To say that a lot can happen in a span of 20 years is perhaps an understatement. Who knows, come 2039 we could be using an app that would translate what our pooch is telling us when it licks our face in the morning… or buildings and roads coming out of giant 3D printers could be the norm. For insurance scheme Flood Re, it has a pretty clear picture of what it wants to see two decades from now.
Releasing its second transition plan called “Flood Re, Our Vision: Preparing for a future of affordable flood insurance,” Flood Re sets out its long-term vision for when it exits the market in 2039. As the title suggests, the dream is for the end of the scheme to usher in affordable risk-reflective pricing. For us to get there, Flood Re believes action will have to come from all corners.
“‘Our Vision’ is an important milestone for Flood Re achieving a successful transition,” said chief executive Andy Bord. “By 2039, when the scheme ends, the market needs to have risk-reflective pricing and, at this point, we also want to ensure that both premiums and excesses remain affordable for the majority of households at risk of flooding.
“To achieve these two objectives, action will be needed from all interested parties – including the government, the insurance industry, communities, and individual householders themselves. Flood Re will play an important role in supporting this activity, convening and coordinating and, where we can, taking direct action.”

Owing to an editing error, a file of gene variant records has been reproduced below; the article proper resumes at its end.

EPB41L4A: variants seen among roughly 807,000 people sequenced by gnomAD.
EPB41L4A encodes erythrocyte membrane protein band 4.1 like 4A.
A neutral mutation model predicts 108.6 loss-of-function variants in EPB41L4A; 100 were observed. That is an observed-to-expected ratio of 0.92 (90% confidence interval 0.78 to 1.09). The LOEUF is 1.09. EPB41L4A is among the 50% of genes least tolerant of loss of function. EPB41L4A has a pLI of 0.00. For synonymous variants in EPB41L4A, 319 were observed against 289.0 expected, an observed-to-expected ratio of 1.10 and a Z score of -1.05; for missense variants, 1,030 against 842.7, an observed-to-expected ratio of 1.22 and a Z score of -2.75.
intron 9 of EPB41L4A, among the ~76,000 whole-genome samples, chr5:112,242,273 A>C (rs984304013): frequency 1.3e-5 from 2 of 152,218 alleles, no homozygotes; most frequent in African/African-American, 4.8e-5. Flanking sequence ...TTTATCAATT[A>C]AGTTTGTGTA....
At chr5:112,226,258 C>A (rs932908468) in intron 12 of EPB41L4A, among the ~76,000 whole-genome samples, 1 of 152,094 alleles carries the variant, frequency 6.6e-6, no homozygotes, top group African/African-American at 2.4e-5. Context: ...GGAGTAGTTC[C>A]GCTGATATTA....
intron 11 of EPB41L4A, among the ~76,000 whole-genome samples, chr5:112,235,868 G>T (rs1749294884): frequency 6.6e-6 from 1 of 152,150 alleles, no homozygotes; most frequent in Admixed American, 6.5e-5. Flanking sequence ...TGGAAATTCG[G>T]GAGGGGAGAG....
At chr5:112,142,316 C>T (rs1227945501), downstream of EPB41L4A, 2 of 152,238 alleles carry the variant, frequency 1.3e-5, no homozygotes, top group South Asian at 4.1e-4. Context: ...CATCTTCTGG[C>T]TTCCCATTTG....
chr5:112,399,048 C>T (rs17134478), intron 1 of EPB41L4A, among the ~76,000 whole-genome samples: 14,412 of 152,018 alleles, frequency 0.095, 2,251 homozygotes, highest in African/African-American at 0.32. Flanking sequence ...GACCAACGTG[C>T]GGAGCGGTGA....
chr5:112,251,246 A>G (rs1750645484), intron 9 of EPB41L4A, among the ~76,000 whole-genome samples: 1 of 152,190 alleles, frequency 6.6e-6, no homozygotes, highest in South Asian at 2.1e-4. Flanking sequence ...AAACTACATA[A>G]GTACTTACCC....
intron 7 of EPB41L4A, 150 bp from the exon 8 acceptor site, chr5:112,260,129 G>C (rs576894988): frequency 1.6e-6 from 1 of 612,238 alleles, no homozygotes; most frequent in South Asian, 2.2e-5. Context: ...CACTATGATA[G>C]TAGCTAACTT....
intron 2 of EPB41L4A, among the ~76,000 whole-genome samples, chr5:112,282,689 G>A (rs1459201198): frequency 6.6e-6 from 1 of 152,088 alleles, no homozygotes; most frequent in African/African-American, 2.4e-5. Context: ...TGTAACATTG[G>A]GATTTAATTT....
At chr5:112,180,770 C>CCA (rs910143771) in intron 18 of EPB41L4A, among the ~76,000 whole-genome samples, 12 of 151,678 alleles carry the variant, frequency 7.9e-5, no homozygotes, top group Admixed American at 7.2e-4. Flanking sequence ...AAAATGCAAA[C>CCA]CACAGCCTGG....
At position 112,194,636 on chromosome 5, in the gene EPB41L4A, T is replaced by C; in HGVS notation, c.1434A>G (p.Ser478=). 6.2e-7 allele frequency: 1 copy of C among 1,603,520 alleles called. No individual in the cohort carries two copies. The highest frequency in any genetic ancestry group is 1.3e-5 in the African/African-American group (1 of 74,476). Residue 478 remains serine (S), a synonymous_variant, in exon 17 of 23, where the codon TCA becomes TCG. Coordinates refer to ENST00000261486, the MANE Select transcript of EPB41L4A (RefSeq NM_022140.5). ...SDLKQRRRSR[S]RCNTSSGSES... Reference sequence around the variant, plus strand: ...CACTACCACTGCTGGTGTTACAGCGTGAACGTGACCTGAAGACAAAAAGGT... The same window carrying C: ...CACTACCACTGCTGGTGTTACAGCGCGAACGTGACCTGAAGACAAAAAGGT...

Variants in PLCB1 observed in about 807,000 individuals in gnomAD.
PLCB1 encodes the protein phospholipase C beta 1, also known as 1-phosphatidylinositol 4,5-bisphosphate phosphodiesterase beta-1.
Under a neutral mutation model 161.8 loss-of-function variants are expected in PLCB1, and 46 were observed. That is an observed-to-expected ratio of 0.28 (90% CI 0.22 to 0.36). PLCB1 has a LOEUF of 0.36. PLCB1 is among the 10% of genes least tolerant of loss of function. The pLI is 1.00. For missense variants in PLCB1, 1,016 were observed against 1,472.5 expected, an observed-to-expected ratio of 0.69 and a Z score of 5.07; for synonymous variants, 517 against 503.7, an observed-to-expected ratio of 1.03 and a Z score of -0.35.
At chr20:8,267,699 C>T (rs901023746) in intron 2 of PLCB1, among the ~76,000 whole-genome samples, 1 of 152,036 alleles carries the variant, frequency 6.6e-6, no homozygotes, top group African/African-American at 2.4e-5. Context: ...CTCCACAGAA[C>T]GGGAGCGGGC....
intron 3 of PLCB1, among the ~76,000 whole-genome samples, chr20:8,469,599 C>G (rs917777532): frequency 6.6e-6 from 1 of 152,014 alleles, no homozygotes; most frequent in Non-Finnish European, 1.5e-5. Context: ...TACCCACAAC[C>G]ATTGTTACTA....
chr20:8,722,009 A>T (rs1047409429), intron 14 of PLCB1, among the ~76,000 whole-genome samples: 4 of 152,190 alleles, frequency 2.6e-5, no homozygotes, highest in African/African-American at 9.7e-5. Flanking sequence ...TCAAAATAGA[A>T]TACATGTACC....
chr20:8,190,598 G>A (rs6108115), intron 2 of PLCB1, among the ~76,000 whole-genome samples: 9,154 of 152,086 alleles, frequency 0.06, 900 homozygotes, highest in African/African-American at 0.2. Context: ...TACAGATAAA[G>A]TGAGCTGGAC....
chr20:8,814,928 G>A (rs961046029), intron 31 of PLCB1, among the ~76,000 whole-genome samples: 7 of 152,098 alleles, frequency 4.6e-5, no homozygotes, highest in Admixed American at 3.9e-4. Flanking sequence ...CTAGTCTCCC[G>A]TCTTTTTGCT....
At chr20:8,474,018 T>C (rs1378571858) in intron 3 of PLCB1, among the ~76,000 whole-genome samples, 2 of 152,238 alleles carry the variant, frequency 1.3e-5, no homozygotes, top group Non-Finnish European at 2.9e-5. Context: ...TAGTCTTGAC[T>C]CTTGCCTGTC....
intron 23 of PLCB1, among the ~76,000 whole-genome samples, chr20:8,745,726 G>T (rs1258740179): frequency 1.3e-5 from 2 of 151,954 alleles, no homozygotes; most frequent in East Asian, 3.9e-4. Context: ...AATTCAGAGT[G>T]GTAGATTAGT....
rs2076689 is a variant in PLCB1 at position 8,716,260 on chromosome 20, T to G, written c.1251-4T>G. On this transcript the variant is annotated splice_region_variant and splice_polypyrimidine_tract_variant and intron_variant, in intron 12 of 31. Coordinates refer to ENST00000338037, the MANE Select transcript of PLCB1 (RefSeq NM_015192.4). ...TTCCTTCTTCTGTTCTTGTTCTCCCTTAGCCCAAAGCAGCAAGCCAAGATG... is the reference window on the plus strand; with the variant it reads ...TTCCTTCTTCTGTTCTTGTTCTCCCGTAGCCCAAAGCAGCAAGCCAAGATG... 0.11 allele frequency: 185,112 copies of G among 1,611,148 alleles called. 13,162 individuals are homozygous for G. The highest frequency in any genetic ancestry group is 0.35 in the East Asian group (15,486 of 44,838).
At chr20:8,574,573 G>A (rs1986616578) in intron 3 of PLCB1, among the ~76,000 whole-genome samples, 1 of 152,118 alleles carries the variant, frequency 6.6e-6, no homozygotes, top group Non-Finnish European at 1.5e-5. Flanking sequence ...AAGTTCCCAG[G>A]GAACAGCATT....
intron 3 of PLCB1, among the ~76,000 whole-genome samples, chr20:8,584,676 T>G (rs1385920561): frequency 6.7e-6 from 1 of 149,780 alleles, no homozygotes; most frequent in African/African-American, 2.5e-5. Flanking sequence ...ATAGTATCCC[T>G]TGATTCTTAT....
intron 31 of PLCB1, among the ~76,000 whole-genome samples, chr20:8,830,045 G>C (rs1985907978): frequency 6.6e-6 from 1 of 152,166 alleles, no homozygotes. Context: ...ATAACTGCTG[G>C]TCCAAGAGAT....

Bord added: “We look forward to working with others to ensure a successful transition over the next two decades.”
In its transition plan, Flood Re identified the areas that it believes should be looked into in order to reach the “affordable insurance” reality. Among those are limiting the risks of flooding; reducing the costs of flooding; promoting a competitive insurance market; and understanding the limits of affordability.
In terms of affordability ‘limits’, the scheme explained that it must be recognised that they do apply.
“For some households at the very greatest risk of flooding, the investment needed to reduce risks will always be uneconomic,” said Flood Re. “This means that, even with a successful transition, there will be a small number of households where flood insurance is likely to be viewed as unaffordable.
“To tackle this, policymakers will need to decide whether some form of support continues beyond 2039. It is important that during the course of the next 21 years action is taken to reduce the number of properties that would fall into this category.”